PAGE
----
10 Pet Prep Tips for Memorial Day Weekend

Our pets love summer just as much as we do! It’s the best time of year to be out and about, enjoying all that the season has to offer, including picnics, hikes, swimming, running or just enjoying a nap in the backyard with your fur babies. While these are all great activities, I’ve got some tips to offer for a safe and relaxing Memorial Day Weekend.

1. Make sure your dog can’t get into the picnic basket
Yummy picnic items considered poisonous for dogs include grapes and raisins (even currants). While xylitol is a natural sugar substitute for people, it is also poisonous for dogs. So be sure keep anything containing xylitol (baked goods, candies, mints, gums, etc.) away from your pets. Click here to learn more about picnic poisons with Dr. Justine Lee.

2. Table scraps are a no-no
Foreign body dangers such as corn on the cob and peach pits aren’t necessarily poisonous, but they still pose a very dangerous threat to dogs. They can easily get stuck in the intestines and will require surgery to remove. Click here to learn more about the dangers of foreign bodies with Dr. Justine Lee.

3. Don’t give Fido that leftover bone
While it’s very tempting, it can also be life-threatening. Along with bones, BBQ bits, like gristle and fat should never be given to your dog. Certain breeds and dogs that are overweight are subject to pancreatitisClick here to learn about what foods you can share with your pet with Dr. Ruth MacPete.

4. Be prepared when you’re going hiking
Always make sure the trail allows for dogs and be sure your dog is in good shape and has the endurance to go on a hike. Brachycephalic breeds and small dogs, physically, cannot handle strenuous hikes. Also bring lots of water and always stay on the designated trails. Click here to learn more about hiking with your pooch with Dr. Ruth MacPete.

5. Make sure your pet has access to fresh water and shade
Our pets, especially dogs, get much thirstier than we do when they get hot, and other than panting and drinking, they really have no way to cool themselves down. Get your pet in the shade as often as possible. While dogs and cats like to sunbathe, direct sunlight can overheat them (especially dogs) and cause heat stroke. Click here to learn more about keeping your dog cool this summer with Dr. Justine Lee.

6. Never ever leave your pet in the car
It can take minutes – yes, MINUTES – for a pet to develop heat stroke and suffocate in a car. Most people don’t realize how hot it gets in parked cars. Want to see? View the video below. Click here to learn more about the dangers of cars and trucks with Dr. Phil Zeltzman.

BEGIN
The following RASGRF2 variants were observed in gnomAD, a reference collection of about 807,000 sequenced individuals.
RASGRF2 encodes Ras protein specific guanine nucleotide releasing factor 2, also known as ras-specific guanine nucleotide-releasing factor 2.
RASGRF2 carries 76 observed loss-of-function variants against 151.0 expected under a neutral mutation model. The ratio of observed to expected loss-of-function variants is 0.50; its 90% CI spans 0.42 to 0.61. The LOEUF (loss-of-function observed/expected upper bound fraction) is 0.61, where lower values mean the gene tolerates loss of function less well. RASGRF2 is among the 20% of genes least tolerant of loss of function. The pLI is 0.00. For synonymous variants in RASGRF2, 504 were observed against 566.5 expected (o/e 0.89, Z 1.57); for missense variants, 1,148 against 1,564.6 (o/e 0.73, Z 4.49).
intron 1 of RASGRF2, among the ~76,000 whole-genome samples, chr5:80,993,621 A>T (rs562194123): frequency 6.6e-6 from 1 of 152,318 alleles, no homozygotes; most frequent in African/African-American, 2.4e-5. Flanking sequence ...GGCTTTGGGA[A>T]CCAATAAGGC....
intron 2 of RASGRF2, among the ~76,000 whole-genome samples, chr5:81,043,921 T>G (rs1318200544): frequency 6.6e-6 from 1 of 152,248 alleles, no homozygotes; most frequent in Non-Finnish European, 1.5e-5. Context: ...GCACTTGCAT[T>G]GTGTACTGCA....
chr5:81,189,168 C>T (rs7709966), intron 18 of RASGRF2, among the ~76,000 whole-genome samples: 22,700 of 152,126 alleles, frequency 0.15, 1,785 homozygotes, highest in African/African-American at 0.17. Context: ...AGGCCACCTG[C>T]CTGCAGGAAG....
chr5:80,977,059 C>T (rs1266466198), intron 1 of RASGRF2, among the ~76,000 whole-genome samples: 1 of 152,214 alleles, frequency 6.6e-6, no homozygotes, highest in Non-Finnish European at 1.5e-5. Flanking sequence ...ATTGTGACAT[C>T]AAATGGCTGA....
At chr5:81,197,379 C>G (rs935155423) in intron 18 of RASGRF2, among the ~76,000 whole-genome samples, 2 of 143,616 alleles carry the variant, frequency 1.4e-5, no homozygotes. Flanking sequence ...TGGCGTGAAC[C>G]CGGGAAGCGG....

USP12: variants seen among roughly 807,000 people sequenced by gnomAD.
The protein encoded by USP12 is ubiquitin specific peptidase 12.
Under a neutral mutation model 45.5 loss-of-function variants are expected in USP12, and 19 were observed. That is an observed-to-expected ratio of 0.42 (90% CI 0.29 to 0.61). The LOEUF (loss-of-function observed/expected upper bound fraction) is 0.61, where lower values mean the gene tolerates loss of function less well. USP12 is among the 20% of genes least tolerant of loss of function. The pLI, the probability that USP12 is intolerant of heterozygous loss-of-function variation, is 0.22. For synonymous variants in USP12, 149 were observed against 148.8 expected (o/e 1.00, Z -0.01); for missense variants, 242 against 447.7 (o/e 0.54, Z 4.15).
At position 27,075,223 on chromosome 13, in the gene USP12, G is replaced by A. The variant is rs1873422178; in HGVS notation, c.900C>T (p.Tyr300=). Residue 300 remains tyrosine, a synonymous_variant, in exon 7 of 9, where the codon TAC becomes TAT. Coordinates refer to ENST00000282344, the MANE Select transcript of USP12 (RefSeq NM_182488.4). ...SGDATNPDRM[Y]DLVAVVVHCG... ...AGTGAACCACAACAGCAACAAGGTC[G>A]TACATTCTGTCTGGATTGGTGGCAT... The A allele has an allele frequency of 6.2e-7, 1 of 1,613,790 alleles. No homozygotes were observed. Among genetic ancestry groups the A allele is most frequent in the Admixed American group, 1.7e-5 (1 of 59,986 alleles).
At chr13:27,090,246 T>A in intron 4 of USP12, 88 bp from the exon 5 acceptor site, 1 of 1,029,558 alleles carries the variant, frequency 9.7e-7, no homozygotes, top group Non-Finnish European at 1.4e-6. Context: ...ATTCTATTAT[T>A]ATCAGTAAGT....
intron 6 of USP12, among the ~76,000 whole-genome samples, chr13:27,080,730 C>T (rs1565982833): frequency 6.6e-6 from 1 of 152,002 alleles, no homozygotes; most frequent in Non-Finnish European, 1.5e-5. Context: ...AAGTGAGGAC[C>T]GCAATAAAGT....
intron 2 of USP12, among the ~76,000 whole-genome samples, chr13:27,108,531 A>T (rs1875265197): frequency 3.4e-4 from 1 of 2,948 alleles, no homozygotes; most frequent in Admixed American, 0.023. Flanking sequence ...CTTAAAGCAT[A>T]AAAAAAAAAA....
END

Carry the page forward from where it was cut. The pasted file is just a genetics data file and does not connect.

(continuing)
7. Keep pets away from fireworks
For us, fireworks are the highlight of the night, however, many pets are terrified of them. The loud noises and bright lights easily scare pets, which will make them want to get as far away as possible. Fireworks are also harmful to pets even when they’re not lit, as they contain hazardous chemicals. Click here to learn more about firework safety with Dr. Justine Lee.

8. Don't skip the sunscreen
Believe it or not, dogs can sunburn, especially those with short or light-colored coats. And just like people, sunburns can be painful for a dog and overexposure to the sun can lead to skin cancer. Talk to your veterinarian about sunscreens for your pet (don’t assume a sunscreen for people is appropriate for your dog). Click here to learn more about protecting your pets from the sun with Dr. Ruth MacPete.

9. It's best to keep your dog leashed at all times
Summer holidays means all sorts of exciting sights, scents, noises, critters and people running around, not to mention, exciting places to explore. You never want to lose your pet because he became distracted in an unfamiliar environment or became afraid of a loud noises. Click here to learn more about summertime traumas and why it's important to leash your dog with Dr. Justine Lee.

10. Make sure your pup has his ID tag on
We love bringing our pets places, it means we get to spend more time with them! However, when you bring your pet to an outing, be sure he’s wearing his collar with up-to-date ID tags just incase he were to wander off. It never hurts to be careful. Click here to learn more about what to put on your pet's ID tags.

If you have any questions or concerns, you should always visit or call your veterinarian -- they are your best resource to ensure the health and well-being of your pets.